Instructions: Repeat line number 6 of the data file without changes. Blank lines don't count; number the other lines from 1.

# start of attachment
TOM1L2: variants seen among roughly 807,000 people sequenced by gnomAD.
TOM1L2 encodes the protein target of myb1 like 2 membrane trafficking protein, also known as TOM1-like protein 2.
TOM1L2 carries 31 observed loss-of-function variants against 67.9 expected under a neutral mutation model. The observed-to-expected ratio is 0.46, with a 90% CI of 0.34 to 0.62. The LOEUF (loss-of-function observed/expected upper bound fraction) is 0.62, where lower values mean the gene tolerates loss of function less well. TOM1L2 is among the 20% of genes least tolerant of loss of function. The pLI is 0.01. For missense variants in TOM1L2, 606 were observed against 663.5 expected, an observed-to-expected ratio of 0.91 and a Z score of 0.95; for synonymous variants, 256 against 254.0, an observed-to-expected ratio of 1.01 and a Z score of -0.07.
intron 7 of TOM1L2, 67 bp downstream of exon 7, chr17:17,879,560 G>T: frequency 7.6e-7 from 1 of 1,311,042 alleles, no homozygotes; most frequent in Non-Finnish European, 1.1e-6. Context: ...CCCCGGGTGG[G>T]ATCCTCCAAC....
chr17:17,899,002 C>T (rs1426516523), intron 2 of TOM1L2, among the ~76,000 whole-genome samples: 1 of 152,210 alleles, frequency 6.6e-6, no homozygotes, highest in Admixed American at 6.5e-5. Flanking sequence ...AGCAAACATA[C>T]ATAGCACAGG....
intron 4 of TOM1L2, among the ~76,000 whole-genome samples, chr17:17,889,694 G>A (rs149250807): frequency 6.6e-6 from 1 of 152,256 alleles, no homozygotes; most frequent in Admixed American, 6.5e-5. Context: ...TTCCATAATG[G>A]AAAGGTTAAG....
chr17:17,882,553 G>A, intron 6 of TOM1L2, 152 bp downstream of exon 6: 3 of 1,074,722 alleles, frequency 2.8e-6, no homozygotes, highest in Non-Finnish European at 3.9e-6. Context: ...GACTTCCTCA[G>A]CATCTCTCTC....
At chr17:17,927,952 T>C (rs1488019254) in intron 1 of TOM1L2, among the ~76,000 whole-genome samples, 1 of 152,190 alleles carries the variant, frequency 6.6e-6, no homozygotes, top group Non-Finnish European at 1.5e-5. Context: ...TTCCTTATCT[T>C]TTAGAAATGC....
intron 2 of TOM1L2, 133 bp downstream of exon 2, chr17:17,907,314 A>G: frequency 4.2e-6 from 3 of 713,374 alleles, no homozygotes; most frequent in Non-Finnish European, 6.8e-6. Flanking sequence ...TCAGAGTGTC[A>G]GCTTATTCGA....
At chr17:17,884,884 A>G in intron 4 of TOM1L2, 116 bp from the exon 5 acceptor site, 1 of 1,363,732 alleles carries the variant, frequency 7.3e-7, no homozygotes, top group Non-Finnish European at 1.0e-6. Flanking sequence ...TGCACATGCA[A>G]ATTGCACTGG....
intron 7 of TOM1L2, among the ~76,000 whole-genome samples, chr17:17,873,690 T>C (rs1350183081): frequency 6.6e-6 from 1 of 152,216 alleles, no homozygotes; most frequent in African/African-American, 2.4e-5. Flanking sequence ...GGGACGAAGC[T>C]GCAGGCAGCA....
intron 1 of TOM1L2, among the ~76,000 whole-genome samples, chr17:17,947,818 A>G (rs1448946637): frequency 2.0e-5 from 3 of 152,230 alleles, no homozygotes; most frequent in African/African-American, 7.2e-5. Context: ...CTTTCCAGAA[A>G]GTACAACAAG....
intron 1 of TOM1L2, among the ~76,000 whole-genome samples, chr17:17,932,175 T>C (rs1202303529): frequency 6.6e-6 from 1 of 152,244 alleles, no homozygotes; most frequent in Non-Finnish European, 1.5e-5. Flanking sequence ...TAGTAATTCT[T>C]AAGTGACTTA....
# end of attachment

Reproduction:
intron 4 of TOM1L2, among the ~76,000 whole-genome samples, chr17:17,889,694 G>A (rs149250807): frequency 6.6e-6 from 1 of 152,256 alleles, no homozygotes; most frequent in Admixed American, 6.5e-5. Context: ...TTCCATAATG[G>A]AAAGGTTAAG....